The process of cloning is the process of using the genes of a being to create another being genetically identical to it. Cloning technology has been called the “forbidden fruit of biology” (Begley 54). For years, scientists have been trying to perfect the cloning technique. In Scotland, scientists at the
Roslin Institute have finally succeeded. Their success comes in the form of a Finn Dorset ewe named Dolly.
Dolly is a clone. Now that the cloning of mammals from body cells has been accomplished, we are forced to consider what stand must be taken on the issue of cloning human beings, and also examine the
effect of popular culture on our perceptions of cloning.
Dolly’s case is not the first example of cloning. A man named Hans Spemann first envisioned cloning in 1938. He suggested transferring the nucleus of an embryo into another egg. As early as 1952, two scientists, Robert Briggs and T.
J. King attempted what Spemann had suggested with a frog embryo and egg. Unfortunately, the frog egg did not develop. (Specter/Kolata)
That same year, researchers in Pennsylvania cloned a live frog. The technique used was known as embryo twinning, or causing the embryo to split apart. It is much easier to clone with embryonic cells.
Much later, mammals such as sheep were cloned using this process. (Nash 64)
In 1970, John Gurdon repeated the procedure suggested by Hans Spemann. This time, the experiment yielded partial success. The tadpoles were born alive, but they died when they began to feed. He showed that transplanted nuclei reverted to an embryonic state.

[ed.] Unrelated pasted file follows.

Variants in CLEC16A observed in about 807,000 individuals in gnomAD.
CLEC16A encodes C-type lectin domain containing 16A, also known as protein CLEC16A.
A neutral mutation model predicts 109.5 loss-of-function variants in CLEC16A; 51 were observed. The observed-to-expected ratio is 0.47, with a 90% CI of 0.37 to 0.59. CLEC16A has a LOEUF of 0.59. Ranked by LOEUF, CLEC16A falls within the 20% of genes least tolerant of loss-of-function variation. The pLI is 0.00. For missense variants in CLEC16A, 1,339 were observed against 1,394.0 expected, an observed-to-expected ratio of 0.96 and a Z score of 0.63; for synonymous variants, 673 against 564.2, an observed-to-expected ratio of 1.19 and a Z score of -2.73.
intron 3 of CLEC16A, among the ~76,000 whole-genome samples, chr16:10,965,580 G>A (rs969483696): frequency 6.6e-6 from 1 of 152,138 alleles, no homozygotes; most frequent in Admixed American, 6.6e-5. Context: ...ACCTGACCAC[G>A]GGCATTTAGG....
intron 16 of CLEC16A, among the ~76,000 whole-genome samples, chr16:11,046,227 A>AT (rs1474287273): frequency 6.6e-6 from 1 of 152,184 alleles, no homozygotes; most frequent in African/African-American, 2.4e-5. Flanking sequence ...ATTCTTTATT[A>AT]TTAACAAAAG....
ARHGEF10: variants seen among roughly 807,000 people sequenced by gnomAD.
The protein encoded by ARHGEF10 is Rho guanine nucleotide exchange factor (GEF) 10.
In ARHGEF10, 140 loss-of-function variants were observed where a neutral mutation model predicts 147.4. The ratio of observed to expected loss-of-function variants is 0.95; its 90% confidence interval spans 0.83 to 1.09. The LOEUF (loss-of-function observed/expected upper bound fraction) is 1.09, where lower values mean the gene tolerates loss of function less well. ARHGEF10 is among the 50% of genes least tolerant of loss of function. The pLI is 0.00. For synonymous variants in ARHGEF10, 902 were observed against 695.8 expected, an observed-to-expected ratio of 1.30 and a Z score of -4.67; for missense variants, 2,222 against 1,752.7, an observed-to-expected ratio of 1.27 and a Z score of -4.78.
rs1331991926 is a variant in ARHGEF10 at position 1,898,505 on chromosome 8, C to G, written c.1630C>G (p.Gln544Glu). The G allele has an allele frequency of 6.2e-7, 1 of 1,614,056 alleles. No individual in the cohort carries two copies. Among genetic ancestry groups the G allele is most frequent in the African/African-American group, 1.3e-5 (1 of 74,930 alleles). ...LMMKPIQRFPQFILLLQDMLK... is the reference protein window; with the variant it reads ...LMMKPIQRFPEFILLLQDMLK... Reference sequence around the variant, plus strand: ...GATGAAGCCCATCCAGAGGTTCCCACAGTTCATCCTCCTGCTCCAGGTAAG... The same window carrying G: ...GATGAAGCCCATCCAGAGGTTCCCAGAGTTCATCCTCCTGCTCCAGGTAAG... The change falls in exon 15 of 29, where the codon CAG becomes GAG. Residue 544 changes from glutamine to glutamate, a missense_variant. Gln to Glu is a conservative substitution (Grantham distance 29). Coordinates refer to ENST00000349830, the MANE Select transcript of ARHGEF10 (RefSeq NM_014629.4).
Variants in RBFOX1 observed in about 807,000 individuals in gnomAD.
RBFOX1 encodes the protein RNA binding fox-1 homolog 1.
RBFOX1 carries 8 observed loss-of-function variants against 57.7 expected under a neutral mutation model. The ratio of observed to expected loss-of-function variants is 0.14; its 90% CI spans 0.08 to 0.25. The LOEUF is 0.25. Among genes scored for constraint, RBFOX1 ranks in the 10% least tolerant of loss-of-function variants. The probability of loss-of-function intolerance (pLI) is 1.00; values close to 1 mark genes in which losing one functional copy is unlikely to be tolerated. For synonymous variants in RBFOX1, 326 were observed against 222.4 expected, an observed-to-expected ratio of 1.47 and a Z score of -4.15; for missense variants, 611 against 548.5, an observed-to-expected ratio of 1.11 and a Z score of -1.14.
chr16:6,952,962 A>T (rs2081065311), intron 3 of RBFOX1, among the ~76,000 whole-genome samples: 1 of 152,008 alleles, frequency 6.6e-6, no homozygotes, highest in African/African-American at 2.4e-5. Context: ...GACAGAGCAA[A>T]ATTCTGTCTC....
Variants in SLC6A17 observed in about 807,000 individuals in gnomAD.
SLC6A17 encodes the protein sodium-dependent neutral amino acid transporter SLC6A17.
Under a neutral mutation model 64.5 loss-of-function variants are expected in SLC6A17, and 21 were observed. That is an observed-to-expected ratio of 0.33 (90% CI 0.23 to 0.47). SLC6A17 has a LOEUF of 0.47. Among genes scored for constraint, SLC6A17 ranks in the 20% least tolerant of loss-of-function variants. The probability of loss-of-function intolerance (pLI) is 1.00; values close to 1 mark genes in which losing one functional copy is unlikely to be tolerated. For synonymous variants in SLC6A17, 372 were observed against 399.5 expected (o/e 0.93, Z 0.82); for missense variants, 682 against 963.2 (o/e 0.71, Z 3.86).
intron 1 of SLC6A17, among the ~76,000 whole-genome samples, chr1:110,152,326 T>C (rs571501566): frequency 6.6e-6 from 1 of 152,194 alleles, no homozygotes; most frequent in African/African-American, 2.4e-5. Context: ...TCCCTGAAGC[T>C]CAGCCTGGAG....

In the early 1980’s, there was some controversy over the reported cloning of mice.
Karl Illmensee and Peter Hoppe claimed that they had cloned mice from embryos. Other scientists tried to repeat their success, and they reported that mouse embryos could not be used for cloning after reaching the two-cell stage. The claims of Illmensee and Hoppe were discredited. (Specter/Kolata)
In the 1980’s, biologists at Allegheny University of the Health Sciences cloned tadpoles from the red blood cells of an adult frog. The tadpoles could swim and eat just like normal tadpoles. They grew hind limbs, but died halfway through metamorphosis.
In1993, defective human embryos scheduled to be discarded by a fertility clinic were cloned. Scientists teased apart the cells from seventeen embryos (each two to eight cells in size) and grew each cell separately, ending up with several genetically identical embryos. (Begley 54-56)
In 1994, calves were cloned by Neal First from embryos that had grown to at least 12 cells in size. He pioneered the technique of starving the cells of nutrients to make them undifferentiated (chromosomes folds up so that only the parts needed to perform a particular cell’s function are exposed). Dr. Ian Wilmut copied this technique in 1996, when he cloned sheep from embryo cells.
Dr. Ian Wilmut, the head scientist at the Roslin Institute near Edinburgh, Scotland, is Dolly’s creator. He is fifty-two years old, and he makes $60,000 a year working at Scotland’s top research laboratory.
If his breakthrough yields commercial success, he only stands to make about $25,000 in royalties. He does not mind, because his true desire is to understand things.
Wilmut’s goal is to produce livestock that serve humanity by producing proteins and providing superior milk, meat, eggs or wool. He has been involved in reproductive science for years. In 1973 he produced the first calf grown from a frozen embryo. This enabled cattle breeders to improve the quality
of their herds by using surrogate mothers to breed more of the cows with the best milk and meat.
Dolly was born conceptually in a bar in 1986, when Dr. Wilmut heard a rumor that a lamb had been cloned from an already developing embryo.
This rumor was indeed true; Dr. Steen M. Willadsen had produced the first mammal clone. He had attempted to clone three lambs. Two were born dead, but the
His first success came in the forms of Megan and Morag, two clone sheep that Wilmut cloned from early embryos using the nutrient starving technique pioneered by Dr.
Neal First. The two sheep now share a pen with Dolly. Megan .